Now it was a frantic race to the Dan River. The local historical marker reads: “Boyd’s and Irwin’s ferries to the west were used by Nathanael Greene in his passage of Dan River, in mid-February, 1781, while Cornwallis was in close pursuit.”
General Nathanael Greene quickly got the Americans across the Dan River, then another storm and flash flood ended the British chase.
British Commander Henry Clinton wrote: “Here the royal army was again stopped by a sudden rise of the waters, which had only just fallen (almost miraculously) to let the enemy over, who could not else have eluded Lord Cornwallis’ grasp, so close was he upon their rear.”
Having discarded his supply wagons in the desperate chase, Cornwallis was now at a logistical disadvantage. General Nathanael Greene recrossed and fought against Cornwallis again at the Battle of Guilford Court House, March 15, 1781. Colonel Tarleton was shot in the right hand, causing the loss of two fingers.
Though the British technically won that battle, their heavy losses of over 500 killed or wounded, and their failure to capture American supplies, contributed to their subsequent defeat.
Badly needing supplies for his army, Cornwallis was ordered by British General Henry Clinton to move his 8,000 troops to a defensive position where the York River entered Chesapeake Bay, and wait for British ships to come to his aid.
Providentially, Ben Franklin and Marquis de Lafayette were successful in their efforts to persuade French King Louis XVI to send ships and troops to help the Americans. French Admiral de Grasse left off fighting the British in the West Indies and sailed 24 ships to the mouth of Chesapeake Bay, where he arrived at just a perfect time to fight in the Battle of the Capes.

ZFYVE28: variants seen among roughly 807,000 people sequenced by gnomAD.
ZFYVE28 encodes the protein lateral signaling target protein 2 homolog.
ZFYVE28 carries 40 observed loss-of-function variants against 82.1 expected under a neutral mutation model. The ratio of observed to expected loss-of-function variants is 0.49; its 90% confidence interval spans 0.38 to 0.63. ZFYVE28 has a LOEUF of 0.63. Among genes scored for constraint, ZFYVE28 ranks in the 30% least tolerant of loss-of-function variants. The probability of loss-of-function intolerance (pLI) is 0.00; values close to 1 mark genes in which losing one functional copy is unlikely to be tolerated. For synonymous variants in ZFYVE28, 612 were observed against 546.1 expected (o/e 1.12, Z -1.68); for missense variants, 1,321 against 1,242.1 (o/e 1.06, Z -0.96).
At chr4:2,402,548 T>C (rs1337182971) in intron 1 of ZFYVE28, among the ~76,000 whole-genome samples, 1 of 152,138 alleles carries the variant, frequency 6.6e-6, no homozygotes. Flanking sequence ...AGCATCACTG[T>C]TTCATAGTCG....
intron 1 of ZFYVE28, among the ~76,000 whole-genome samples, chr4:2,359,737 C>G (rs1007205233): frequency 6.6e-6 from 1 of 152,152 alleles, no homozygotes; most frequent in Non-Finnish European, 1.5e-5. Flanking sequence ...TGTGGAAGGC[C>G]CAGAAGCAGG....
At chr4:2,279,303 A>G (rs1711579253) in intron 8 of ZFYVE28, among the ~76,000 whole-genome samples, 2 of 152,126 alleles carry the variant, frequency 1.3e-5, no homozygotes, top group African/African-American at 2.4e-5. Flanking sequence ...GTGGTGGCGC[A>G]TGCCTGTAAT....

Admiral de Grasse successfully drove off the 19 British ships which were trying to evacuate Cornwallis’ men. Then De Grasse’s 3,000 French troops and General Rochambeau’s 6,000 French troops hurriedly joined General Lafayette’s division as they marched to Yorktown. There they joined General Washington in trapping Cornwallis against the sea.
French troops also joined the ranks of:
- General Benjamin Lincoln
- General Baron von Steuben
- General Modecai Gist
- General Henry Knox
- General John Peter Muhlenberg
Altogether, 17,000 French and American troops surrounded Cornwallis. On Oct. 19, 1781, Cornwallis surrendered and the Revolutionary War was effectively over.
Yale President Ezra Stiles wrote, May 8, 1783: “Who but God could have ordained the critical arrival of the Gallic (French) fleet, so as to … assist … in the siege … of Yorktown? … Should we not … ascribe to a Supreme energy … the wise … generalship displayed by General Greene … leaving the … roving Cornwallis to pursue his helter-skelter ill fated march into Virginia. … It is God who had raised up for us a … powerful ally … a chosen army and a naval force: who sent us a Rochambeau … to fight side by side with a Washington … in the … battle of Yorktown.”
General Washington wrote to William Gordon in March of 1781: “We have … abundant reasons to thank Providence for its many favorable interpositions in our behalf. It has at times been my only dependence, for all other resources seemed to have failed us.”